out of the full sample space {1,2,3,4,5,6}
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The sum of the probabilities of all possible outcomes should always equal one.
Externally, the probability of any outcome can be a little different from the theoretical one; however, if we repeat the experiment enough times, then the experimental probability will come close to the theoretical one.
We can write simple Python code to prove the difference between theoretical and experimental probabilities.
from random import randint
from collections import Counter
#A function to genrate randome experiments
def gen(x):
expResults = []
for i in range(x):
expResults.append(randint(1,6))
return expResults
#An experiment with 100 events
event1 = dict(Counter(gen(100)))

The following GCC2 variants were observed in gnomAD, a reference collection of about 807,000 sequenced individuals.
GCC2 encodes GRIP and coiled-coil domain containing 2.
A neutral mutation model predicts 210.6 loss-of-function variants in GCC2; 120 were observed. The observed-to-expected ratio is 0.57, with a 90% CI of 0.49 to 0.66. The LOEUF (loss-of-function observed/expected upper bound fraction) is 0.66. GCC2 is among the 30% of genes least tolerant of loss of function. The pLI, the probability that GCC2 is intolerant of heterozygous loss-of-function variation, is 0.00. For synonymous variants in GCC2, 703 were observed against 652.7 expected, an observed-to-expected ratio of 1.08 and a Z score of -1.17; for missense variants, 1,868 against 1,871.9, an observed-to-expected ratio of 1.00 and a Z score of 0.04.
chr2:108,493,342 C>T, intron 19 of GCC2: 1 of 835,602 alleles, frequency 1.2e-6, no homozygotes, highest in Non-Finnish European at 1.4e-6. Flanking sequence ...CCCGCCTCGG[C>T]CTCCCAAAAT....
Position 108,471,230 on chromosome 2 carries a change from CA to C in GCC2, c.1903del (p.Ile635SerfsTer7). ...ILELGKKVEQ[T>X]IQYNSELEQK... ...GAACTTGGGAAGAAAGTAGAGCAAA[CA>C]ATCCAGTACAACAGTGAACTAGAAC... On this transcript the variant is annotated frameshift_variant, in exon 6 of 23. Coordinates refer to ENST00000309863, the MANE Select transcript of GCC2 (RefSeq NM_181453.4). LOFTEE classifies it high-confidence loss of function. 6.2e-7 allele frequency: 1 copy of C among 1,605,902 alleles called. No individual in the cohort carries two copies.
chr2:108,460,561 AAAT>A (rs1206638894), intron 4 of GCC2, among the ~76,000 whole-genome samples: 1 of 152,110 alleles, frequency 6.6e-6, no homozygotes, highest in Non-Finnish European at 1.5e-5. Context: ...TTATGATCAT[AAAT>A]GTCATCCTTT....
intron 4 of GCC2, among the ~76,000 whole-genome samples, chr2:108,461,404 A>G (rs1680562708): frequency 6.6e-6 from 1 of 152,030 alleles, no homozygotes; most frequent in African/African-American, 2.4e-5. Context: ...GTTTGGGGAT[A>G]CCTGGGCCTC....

for k,v in event1.items():
print("probability of", k, "is",v/100)
print("")
#An experiment with 1000 events
event2 = dict(Counter(gen(1000)))
for k,v in event2.items():
print("probability of", k, "is",v/1000)
The results of running this code will be close to:
probability of 1 is 0.16
probability of 2 is 0.15
probability of 3 is 0.18
probability of 4 is 0.12
probability of 5 is 0.18
probability of 6 is 0.21
— — — — — — — — — — — — — — —
probability of 1 is 0.16
probability of 2 is 0.179
probability of 3 is 0.168
probability of 4 is 0.162
probability of 5 is 0.154
probability of 6 is 0.177
As you can see, the more trials we have, the closer we get to the theoretical probability value.
Random Variables
Random variables (RV) have variables determined by the outcome of a random experiment. Going back to our dice, if we define a random variable X as the probability of any outcome, then P(X=5) = 0.166.